God, please grow a bountiful crop of your love, your purity, your goodness and compassion in the soil of my heart. Let me be full to bursting with the fruit of your Spirit. Amen.
I have been feeling, as I know many others have, that we are living in a time of darkness. And, to be honest, I’m afraid I’ve contributed to it sometimes. I have opinions, strong ones, about certain things that are happening around me–sometimes I can think of little else. Today, John 3:19 jumped out at me.
This version, which includes John 3:19-21, from The Message¸ really hits me where I live:
“This is the crisis we’re in: God-light streamed into the world but men and women everywhere ran for the darkness. They went for the darkness because they were not really interested in pleasing God. Everyone who makes a practice of doing evil, addicted to denial and illusion, hates God-light and won’t come near it, fearing a painful exposure. But anyone working and living in truth and reality welcomes God-light so the work can be seen for the God-work it is.”
That can’t be me, right? I love Jesus! I want to be like him. I’m not guilty of “running for the darkness”….am I? Those other people are doing that, right?
Hmmm…was I running toward the light this week when I took not-so-quiet delight as a public figure I don’t like was ridiculed in memes all over social media and even in the evening news? Was I running toward the light when I reacted in anger toward a group who made statements opposed to a public policy I find to be an important tool to move toward a solution to very real needs in our community? When I sat and fumed, was I seeking God’s light, or my own need to be right and my desire to live in a world where everyone agrees with me? Would anyone who heard me in the situations I described have seen Jesus and the light?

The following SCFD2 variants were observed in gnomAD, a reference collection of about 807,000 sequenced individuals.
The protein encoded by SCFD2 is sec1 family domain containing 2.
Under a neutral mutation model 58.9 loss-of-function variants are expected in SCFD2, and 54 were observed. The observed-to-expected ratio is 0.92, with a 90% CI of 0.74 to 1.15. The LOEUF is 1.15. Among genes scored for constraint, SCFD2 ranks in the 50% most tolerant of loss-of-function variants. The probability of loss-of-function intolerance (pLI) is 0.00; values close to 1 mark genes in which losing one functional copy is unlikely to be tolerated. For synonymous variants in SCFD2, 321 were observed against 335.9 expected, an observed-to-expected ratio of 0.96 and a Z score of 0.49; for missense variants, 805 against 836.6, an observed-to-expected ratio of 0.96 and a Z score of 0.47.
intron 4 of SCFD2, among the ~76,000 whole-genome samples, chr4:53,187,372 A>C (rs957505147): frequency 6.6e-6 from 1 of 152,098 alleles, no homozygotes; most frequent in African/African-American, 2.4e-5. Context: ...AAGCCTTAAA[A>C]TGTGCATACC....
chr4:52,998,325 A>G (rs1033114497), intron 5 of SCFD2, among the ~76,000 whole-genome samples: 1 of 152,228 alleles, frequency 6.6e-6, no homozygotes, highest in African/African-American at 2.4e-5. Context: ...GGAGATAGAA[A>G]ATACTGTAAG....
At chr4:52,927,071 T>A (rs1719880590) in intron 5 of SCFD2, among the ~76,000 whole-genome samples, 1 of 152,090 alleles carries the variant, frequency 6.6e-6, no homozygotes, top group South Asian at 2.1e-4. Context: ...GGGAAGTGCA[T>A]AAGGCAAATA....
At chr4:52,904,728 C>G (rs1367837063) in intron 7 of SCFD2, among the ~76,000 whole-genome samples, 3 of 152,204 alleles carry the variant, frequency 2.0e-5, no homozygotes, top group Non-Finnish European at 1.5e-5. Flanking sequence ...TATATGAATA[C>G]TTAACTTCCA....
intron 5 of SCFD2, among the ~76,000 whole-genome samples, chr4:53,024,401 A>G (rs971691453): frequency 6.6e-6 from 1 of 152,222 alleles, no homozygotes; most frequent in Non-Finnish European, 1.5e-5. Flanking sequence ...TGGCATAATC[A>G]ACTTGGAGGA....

“The light shines in the darkness and the darkness doesn’t extinguish the light” (John 1:5). How do I live as the light and not the darkness I see and feel around me?
God’s truth and reality are presented in a very straightforward way by everything Jesus said. “Love the Lord your God with all your heart and with all your soul and with all your mind…And love your neighbor as yourself…” (Matthew 22:38-39).
So, as much as I hate to admit it, I admit that I can fall into running into the darkness instead of seeking the light. I want to do better. If you feel the same way, let’s do it together!
Lord God, who streamed light into the world and gave your Son so that everyone who believes in him won’t perish but will have eternal life, help me run for the light and away from the darkness. Help me always remember that the key to avoiding the darkness is staying close to you, living and sharing the light of your love, without judgement or anger. Help me become a person of grace, so that the dark world sees your light through me. Amen.
* Richard B. Vinson, study note on Luke 8:8 in The CEB Study Bible. Nashville: Abingdon Press, 2013, p. 125 NT.
** Richard B. Vinson, study note on Luke 8:15 in The CEB Study Bible. Nashville: Abingdon Press, 2013, p. 125 NT.